For women, running can actually help to lower your risk of breast cancer. It can also help reduce the risk of having a stroke. Many doctors today recommend running for people who are in the early stages of diabetes, high blood pressure, and osteoporosis, and it is proven to help reduce the risk of having a heart attack. By helping the arteries retain their elasticity and strengthening the heart, your chances of suffering a heart attack can be significantly reduced.
Running is one of the best forms of exercise for losing or maintaining a consistent weight. You will find that it is a leading way to burn off extra calories and that it is the second most effective exercise in terms of calories burned per minute, following only after cross country skiing.
Boost Your Confidence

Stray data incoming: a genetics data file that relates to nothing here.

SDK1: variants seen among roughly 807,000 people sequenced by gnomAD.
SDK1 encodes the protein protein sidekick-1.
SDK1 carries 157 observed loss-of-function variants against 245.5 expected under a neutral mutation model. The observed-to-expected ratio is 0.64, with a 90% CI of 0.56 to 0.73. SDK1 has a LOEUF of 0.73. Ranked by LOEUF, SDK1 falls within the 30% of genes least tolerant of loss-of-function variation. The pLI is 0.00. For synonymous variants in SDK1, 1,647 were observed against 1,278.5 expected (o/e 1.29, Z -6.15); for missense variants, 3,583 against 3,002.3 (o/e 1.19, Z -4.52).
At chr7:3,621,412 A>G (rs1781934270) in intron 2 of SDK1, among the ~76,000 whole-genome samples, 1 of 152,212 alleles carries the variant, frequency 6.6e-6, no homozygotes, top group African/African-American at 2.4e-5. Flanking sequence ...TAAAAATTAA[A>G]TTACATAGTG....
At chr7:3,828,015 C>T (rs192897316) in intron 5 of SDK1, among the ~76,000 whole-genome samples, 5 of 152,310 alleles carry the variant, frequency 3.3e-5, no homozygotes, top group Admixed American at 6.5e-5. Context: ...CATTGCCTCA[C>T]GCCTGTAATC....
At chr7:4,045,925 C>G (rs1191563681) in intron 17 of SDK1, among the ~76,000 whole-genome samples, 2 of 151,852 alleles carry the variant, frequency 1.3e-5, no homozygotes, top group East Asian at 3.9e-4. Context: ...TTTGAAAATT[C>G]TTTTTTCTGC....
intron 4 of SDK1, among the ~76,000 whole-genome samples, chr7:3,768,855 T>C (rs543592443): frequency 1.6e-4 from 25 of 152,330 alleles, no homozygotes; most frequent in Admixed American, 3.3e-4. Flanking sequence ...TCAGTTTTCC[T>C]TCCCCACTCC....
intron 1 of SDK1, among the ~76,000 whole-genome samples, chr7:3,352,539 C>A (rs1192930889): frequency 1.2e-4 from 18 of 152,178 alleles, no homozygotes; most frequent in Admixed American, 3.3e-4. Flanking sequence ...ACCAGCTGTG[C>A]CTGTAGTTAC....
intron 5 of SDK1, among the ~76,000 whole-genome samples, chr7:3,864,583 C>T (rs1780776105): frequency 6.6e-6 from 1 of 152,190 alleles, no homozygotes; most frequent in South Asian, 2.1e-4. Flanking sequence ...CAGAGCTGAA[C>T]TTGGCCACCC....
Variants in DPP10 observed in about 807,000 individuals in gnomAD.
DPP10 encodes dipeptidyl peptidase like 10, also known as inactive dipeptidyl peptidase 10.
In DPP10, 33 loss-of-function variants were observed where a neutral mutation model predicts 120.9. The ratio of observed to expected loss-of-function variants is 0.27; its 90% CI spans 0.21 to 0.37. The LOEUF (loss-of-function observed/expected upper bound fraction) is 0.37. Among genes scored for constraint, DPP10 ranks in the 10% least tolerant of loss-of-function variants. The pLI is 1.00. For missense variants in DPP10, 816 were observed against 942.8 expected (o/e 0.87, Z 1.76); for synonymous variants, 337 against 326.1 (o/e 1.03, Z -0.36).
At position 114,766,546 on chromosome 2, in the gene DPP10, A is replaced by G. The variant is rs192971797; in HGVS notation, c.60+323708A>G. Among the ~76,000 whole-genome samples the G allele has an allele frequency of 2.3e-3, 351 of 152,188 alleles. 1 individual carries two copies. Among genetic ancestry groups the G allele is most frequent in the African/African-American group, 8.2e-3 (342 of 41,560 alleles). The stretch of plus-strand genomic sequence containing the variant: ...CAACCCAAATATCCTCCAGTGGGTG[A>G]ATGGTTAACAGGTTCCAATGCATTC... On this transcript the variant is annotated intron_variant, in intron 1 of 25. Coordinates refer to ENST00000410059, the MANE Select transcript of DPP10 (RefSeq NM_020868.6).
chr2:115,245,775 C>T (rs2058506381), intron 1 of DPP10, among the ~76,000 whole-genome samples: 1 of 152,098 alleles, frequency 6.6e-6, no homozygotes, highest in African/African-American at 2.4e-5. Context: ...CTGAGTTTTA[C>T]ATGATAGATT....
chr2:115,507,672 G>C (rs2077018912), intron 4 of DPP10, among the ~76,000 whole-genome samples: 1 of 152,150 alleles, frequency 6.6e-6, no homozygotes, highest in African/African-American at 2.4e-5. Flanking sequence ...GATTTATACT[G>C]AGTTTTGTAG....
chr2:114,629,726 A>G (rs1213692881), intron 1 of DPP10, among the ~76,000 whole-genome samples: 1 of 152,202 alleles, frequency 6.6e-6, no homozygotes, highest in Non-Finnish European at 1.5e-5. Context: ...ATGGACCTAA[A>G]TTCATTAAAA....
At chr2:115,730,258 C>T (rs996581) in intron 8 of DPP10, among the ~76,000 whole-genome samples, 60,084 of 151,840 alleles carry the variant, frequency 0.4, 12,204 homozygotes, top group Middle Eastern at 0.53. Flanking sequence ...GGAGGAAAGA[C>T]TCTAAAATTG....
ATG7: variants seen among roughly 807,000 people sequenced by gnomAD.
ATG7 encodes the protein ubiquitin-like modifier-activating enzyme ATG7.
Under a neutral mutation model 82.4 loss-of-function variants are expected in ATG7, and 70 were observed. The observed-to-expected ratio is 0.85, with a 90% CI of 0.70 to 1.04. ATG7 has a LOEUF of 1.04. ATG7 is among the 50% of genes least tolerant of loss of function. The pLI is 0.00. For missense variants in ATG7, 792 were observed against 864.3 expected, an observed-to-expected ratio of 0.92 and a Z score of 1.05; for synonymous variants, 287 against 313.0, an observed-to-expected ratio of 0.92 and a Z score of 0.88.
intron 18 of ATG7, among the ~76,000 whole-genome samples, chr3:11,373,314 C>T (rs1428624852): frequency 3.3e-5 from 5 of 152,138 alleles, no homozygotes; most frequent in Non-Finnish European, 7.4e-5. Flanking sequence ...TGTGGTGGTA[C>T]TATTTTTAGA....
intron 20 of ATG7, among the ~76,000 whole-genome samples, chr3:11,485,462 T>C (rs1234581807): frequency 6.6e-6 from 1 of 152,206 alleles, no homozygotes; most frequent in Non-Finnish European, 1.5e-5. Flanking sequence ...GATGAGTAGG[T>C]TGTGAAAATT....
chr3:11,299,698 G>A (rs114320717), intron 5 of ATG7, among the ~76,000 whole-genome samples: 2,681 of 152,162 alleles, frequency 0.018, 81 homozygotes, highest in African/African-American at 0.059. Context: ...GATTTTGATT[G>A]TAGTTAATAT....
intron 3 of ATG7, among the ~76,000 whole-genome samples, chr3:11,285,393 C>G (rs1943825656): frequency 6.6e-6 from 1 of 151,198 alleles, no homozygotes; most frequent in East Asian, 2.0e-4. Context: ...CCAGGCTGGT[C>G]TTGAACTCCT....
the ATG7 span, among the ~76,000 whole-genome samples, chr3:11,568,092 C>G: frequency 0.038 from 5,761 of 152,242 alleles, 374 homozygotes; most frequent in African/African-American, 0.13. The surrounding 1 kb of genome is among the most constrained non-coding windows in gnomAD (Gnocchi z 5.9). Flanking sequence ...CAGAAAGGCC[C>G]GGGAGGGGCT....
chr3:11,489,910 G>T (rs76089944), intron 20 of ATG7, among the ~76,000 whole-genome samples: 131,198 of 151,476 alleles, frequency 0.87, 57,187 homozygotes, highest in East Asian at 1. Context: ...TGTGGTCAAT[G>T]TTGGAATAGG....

Not all of the benefits of running are physical. Running can provide an noticeable boost to your confidence and self-esteem. By setting and achieving goals, you can help give yourself a greater sense of empowerment that will leave you feeling much happier.
Stress can actually cause a number of health and mood problems. It can also diminish appetite and sleep quality. When you run, you force your body to exert excess energy and hormones. Running also helps to reduce your chances of developing tension headaches.
When you are depressed, the last thing you likely want to do is to get up and go for a run. Yet you will find that after only a few minutes of running, your brain will start to secrete hormones that naturally improve your mood. In fact, there are few things in the world that can better or more rapidly treat depression than exercise such as running.
It may seem surprising to learn all of the different ways that running can improve your health, but the truth of the matter is that these are only a few of the many benefits that it can offer to your body. Running really is incredibly beneficial to the body, mind, and spirit, and you will find that even short runs can leave you feeling more energized, more focused, and better able to enjoy all that life has to offer.
…obviously these are also benefits of general exercise. Happy Running!